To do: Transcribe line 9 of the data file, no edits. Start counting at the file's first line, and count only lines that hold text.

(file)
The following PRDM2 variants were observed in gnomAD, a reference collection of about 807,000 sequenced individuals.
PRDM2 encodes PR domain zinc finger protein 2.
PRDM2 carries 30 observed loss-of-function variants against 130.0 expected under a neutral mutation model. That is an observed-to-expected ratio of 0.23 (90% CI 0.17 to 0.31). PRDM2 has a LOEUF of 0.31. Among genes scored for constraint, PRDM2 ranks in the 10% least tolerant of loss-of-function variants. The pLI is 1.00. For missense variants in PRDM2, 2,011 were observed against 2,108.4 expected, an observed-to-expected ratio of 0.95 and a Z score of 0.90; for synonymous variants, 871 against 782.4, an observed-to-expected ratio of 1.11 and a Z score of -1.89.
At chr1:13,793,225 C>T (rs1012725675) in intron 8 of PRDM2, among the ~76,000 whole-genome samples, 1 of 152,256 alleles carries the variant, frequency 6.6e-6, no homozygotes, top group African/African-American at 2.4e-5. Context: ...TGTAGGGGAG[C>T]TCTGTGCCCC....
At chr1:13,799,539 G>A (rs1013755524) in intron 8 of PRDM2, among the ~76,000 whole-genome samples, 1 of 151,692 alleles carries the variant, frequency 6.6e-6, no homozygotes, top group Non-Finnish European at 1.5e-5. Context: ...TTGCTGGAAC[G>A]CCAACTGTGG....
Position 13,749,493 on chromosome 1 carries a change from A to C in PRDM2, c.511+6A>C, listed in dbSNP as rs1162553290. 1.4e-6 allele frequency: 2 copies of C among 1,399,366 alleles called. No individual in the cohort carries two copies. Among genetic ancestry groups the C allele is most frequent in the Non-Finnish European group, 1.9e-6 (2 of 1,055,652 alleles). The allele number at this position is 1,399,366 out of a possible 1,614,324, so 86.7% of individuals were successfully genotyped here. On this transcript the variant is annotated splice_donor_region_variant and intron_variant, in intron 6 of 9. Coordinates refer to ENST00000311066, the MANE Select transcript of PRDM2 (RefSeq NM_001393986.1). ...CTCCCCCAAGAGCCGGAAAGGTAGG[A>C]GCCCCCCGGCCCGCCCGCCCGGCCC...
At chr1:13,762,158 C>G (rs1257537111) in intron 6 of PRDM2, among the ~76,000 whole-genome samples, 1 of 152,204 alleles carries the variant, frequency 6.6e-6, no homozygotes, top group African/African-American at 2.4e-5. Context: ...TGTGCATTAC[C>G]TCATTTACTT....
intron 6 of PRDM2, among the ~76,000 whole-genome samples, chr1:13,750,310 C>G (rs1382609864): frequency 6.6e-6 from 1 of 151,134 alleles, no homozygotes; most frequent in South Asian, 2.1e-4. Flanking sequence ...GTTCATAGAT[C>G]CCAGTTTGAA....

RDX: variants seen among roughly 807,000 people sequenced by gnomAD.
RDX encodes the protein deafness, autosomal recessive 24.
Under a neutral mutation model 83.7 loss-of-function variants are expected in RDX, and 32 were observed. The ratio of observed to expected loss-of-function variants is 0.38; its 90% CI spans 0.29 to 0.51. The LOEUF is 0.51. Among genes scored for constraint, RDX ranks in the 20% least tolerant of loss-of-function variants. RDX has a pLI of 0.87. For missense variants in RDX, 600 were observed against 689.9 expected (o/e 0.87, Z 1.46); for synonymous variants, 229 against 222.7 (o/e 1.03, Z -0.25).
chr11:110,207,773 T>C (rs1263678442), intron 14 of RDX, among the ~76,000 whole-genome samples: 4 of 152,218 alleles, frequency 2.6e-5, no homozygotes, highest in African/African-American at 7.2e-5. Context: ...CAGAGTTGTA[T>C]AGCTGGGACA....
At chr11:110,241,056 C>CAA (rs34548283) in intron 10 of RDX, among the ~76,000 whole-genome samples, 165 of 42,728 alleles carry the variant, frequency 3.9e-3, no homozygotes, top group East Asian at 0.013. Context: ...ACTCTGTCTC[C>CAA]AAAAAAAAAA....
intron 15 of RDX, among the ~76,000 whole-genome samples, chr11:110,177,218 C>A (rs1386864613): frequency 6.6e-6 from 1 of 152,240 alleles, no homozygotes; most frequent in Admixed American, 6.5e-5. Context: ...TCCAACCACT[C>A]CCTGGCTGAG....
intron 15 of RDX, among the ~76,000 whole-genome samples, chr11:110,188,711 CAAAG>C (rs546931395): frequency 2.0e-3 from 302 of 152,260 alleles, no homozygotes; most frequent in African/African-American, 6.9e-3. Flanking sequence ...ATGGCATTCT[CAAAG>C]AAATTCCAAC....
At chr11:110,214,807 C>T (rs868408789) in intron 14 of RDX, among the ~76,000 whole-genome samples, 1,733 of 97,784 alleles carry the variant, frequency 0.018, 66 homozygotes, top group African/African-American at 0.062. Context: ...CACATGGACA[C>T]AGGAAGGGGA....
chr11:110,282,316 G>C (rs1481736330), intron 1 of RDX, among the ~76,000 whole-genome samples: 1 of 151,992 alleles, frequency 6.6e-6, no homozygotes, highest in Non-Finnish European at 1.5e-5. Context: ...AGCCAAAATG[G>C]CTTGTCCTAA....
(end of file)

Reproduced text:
RDX: variants seen among roughly 807,000 people sequenced by gnomAD.